Background and aims
Lambeth created a collaborative health and care partnership called Lambeth Together. The aim of the partnership is to improve health and wellbeing, and reduce health inequalities for people living in Lambeth. Lambeth Together is formed by a number of alliances, the most advanced of these is the Lambeth Living Well Network Alliance.
The Living Well Network Alliance:
The Living Well Network Alliance was developed in 2015 and is a collaboration between five organisations: Certitude and Thames Reach, NHS Lambeth Clinical Commissioning Group (CCG) South London & Maudsley NHS Foundation Trust (SLaM), and Lambeth Council. The alliance is an agreement to provide mental health services for working age adults in Lambeth.
The alliance seeks to provide support better mental health services for working age adults, with a focus on improving outcomes for residents with serious mental illness (SMI), such as schizophrenia, bipolar disorder, or severe depression, by addressing their needs holistically.
People with an SMI often have housing, financial, social, substance misuse and other challenges in addition to their mental health needs. Without support to address these challenges, successful treatment and recovery is much less likely.
People in Lambeth reported that often they felt like they were being passed around different mental health care teams, with teams managing their needs in isolation. This led to them asking for mental health care that provided services that were quicker to find, that focussed on helping people stay out of hospital, and that focussed on patients not staying in hospital longer than was needed.
The Living Well Network Alliance brings social care, housing and mental health service users, commissioners, and providers together, pooling their expertise and budgets to support all the needs of a person with an SMI.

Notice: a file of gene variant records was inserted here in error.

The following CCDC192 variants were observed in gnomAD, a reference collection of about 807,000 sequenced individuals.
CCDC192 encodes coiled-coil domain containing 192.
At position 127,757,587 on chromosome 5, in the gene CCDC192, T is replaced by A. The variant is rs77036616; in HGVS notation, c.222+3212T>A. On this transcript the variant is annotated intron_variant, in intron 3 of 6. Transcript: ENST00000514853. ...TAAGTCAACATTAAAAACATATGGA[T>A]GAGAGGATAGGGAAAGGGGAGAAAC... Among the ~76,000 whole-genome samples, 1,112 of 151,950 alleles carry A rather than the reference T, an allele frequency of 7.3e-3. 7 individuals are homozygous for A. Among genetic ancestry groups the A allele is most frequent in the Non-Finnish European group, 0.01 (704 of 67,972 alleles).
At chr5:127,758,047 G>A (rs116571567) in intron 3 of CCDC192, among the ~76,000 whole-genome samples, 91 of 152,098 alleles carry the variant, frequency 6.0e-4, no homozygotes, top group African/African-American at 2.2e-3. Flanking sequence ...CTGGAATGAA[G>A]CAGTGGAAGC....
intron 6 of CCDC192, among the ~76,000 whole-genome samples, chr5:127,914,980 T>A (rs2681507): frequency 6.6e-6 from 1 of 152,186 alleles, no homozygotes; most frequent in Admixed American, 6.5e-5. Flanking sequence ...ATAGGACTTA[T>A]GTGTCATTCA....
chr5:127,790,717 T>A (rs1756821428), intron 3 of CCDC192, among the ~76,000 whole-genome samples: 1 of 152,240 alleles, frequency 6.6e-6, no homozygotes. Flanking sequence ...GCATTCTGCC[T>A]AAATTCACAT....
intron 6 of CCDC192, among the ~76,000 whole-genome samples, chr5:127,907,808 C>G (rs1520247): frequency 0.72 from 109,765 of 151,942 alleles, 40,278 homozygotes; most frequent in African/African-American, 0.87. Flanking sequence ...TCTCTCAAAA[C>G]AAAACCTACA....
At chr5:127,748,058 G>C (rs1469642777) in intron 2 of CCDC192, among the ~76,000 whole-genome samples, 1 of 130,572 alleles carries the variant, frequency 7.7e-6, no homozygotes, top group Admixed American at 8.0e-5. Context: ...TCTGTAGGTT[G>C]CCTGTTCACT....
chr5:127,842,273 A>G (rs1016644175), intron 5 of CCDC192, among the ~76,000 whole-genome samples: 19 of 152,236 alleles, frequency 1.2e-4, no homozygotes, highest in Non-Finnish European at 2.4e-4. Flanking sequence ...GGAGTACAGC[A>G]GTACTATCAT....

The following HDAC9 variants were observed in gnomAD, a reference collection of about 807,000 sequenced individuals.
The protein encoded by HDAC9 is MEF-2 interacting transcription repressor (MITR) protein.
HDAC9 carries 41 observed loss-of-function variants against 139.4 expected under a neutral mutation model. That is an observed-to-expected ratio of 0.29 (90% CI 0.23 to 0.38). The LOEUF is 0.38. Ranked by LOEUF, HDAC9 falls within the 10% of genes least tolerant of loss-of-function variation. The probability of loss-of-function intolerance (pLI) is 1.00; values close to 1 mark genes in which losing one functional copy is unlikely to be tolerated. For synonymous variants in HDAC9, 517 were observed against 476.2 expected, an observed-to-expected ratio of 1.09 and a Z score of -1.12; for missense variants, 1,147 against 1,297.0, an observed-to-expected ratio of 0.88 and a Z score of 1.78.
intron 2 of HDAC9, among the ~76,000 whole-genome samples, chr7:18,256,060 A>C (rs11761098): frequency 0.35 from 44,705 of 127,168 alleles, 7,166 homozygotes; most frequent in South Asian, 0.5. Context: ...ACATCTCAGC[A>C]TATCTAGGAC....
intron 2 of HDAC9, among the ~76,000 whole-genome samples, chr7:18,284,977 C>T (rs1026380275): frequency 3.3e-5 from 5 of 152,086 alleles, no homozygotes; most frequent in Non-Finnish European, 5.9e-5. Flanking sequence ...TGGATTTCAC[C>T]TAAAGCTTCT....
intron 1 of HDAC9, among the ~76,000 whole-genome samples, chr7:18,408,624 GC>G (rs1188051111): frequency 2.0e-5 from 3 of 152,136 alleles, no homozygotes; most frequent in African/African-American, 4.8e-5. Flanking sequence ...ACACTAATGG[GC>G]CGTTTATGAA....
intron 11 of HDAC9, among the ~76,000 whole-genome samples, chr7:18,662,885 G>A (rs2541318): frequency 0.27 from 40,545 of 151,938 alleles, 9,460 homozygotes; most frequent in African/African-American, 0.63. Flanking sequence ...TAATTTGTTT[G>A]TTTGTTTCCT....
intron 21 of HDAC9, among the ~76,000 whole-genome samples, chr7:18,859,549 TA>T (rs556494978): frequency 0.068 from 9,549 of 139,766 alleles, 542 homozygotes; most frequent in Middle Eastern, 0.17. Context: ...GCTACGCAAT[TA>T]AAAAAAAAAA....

Their work aims to deliver the ‘big 3 outcomes’:
- Recovery: helping people recover and stay well
- Control: make their own choices
- Can do: participate in daily life on an equal footing
These are achieved through six priorities:
- Reduce numbers of people reaching crisis point and provide prompt and appropriate support for people in crisis.
- Increase numbers of people able to live independently.
- Increase numbers of people living in stable and appropriate accommodation.
- Improve mental health outcomes for people from black communities in Lambeth.
- Improve physical health for people with mental health issues.
- Increase numbers of people in education, training, volunteering, or employment.
The Live Well Alliance listened to the people of Lambeth and launched:
- Single point of access (SPA). This allowed people speak to a clinician who is able to refer them directly to the most appropriate support.
- Short-term & focussed support services. Supports people up to three months in the short term or provides support to people during their recovery in the long term. These groups are formed of community mental health teams, social workers, and voluntary sector staff.
- New crisis outreach service.
- Treehouse. Launched a 24/7 supported step forward house to reduce the use of in-patient beds.
Outcomes and benefits
The overall outcomes of this programme of work are as follows:
- The short-term support service received 1,133 referrals in its first year.
- The number of in-patient beds used reduced from an average of 89.4 beds per month in the first year to 77.6 beds per month in the second year.
- Around 600 people a month were referred to the single point of access (SPA) during its first 6 months.
- Approved mental health professionals received 9% fewer referrals in our second year and carried out 6% more mental health act assessments
- The home treatment team supported 778 people in their homes in the second year, compared with 727 people in the first year.
- Talking therapy services supported 8,640 people in the second year compared to 8,423 in the first, with 54% of people recovering compared to 50% in the first year.
The Lambeth living well network alliance progress report 2021-22 reports the following outcomes:
- Single point of access introductions is up 25% from 5,962 in the previous year.
- Crisis outreach service introductions are down 30% from 233 the previous year.
- Focused support service received 567 introductions in the year, down 7% from 613 in the previous year. This service discharged 449 people in the year, up 25% from 359 people discharged in the previous year.
- The tree house supported 89 people in the year, up 10% from 81 in the previous year. This saved an estimated 2,154 hospital beds (up 28% from 1,679 days in the previous year).
- Talking therapy services saw 10,925 people supported in the year, up from 20% from 9,114. The recovery rates are at 56%, above the national target of 50%.
You can find more about the Living Well Network Alliance by accessing the Lambeth living well alliance website.
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